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From Allen, with Love

Allen residents reach out to Texans in need

Tate Peterson and Julia Zaksek

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Hurricane Harvey made landfall in Texas on Aug. 25. The Category 4 hurricane was the first major hurricane (Category 3 or higher), to make landfall in the United States since 2005. The storm destroyed one-third of the city and drastically changed the lives of those who fell in its path. With their homes, schools and businesses destroyed, many in Houston turned to their relatives and fellow Texans for aid.

Displaced

South Texas isn’t the place to be during storm season, as the geography of this region causes many unpredictable problems. Areas along the coast in Galveston and metropolitan centers like Houston have elevations extremely close to sea level–the source of these issues.

This amount of rainfall was to be expected, but there wasn’t much for the people of Houston to do. The process of evacuating a city is close to impossible, as major highways get backed up causing car accidents, an increased reliance on emergency services and a general frustration in evacuating millions of people out of a single location. Houston is, after all, the fourth most populous city in the United States.

The people of Houston were stuck, and they were forced to wait out one of the strongest storms in U.S. history. Harvey was the first major hurricane to make its way to Texas since hurricane Ike. The aftereffects of Harvey were unimaginable.

The Aftermath

English teacher Julie Byers said it would take years for Houston to return to normal. Byer’s parents and step-siblings live in Houston, and they were subjected to the problems that Harvey caused for millions of residents.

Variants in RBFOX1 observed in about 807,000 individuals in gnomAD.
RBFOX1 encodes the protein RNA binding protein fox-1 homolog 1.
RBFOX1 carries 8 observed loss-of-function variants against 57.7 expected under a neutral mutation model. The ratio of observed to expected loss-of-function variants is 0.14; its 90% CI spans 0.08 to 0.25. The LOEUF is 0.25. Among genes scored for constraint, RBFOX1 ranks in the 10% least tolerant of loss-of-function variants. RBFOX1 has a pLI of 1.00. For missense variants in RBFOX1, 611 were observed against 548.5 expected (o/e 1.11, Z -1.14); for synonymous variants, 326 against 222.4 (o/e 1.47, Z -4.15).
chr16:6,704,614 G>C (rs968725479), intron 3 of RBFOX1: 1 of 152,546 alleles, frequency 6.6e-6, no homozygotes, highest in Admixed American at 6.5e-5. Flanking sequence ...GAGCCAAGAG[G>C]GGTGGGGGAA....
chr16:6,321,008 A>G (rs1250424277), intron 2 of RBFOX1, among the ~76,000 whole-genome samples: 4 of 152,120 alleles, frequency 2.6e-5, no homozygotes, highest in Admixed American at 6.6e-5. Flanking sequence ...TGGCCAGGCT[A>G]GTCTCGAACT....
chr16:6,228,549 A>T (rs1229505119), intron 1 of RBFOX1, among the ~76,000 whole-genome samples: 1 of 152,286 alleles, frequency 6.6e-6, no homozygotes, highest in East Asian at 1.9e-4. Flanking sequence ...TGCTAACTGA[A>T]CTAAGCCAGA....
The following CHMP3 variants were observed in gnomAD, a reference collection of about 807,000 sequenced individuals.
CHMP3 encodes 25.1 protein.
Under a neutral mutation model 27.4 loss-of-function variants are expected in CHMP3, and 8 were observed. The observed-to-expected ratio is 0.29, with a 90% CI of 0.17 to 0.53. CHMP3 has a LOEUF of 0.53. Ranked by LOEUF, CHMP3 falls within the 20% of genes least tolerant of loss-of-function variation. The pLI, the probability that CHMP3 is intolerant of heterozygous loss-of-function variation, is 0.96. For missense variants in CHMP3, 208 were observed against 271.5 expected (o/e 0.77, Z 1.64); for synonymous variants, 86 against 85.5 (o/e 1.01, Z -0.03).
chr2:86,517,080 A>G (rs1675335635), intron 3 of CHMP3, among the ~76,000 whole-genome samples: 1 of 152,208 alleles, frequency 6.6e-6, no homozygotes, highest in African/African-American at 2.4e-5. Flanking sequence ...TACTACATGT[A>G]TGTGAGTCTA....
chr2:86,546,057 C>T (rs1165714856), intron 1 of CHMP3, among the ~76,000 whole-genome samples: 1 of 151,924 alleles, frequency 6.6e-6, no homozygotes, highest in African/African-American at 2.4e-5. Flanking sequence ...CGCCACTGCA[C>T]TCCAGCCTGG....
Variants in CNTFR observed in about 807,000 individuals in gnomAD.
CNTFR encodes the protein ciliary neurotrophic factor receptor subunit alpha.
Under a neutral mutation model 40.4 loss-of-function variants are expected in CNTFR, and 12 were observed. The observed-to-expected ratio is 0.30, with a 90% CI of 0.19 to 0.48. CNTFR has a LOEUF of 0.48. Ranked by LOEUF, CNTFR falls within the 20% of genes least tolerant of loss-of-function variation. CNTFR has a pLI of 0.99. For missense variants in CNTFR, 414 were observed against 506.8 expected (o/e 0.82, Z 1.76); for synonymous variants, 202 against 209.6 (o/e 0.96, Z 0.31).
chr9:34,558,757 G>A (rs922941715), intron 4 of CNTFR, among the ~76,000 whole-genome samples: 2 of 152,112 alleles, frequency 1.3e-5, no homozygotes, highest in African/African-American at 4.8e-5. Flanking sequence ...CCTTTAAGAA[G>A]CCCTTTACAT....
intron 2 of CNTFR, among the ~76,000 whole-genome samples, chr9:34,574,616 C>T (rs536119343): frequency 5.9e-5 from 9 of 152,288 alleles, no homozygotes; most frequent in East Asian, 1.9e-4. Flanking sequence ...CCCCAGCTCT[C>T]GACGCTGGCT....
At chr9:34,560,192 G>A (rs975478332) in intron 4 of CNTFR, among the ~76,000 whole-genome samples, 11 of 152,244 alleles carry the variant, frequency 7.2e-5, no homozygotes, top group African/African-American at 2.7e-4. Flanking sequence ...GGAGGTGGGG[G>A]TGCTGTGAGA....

“They lost their home,” Byers said. “They lost their vehicles. They had to be evacuated by FEMA.”

Byers’ parents and step-siblings lived in Kingwood, the community Allen raised funds for. Kingwood’s high school was destroyed during the storm and could not open for the school year, due to massive flooding. The building must undergo intensive repairs before it can be safe for students.*

“I have friends whose kids are going to school in Kingwood, so now they’re attending other campuses,” Byers said.

Harvey has already been predicted to cost more than Hurricanes Katrina or Sandy, and it’s apparent in the damage caused to the houses, shopping centers, corporate offices and lives of those living in Houston. Those with connections to Houston, whether it be through family or friendship, know how devastating Harvey has been to those in the city.

“Their entire downstairs level of their two-story house has to be renovated, and all of their kitchen appliances have to be replaced,” senior Nicole Kim said about her aunt and uncle’s home.

The impact on the businesses, apartments and schools that serve Houston only add to the struggles the city will have to overcome. Business and shopping centers had roofs torn off and  products were displaced by high water levels. General destruction forced many places to close, terminating operation until the government or business finds the money to solve the problem.

“A lot of the apartment complexes have waiting lists,” Byers said. “[My family] chose [an apartment] that was available. The places that they looked at, the earliest they were available was November.”

Byers also said her family found that some apartment complexes didn’t have availability until early next year. Her family went with what they could get into the quickest. In addition to housing woes, Houston’s businesses were forced to close, contributing to the heavy cost of damages.

“My dad is a chemical engineer, so his plant had to be shut down for a couple of days,” senior Zach Huseth said.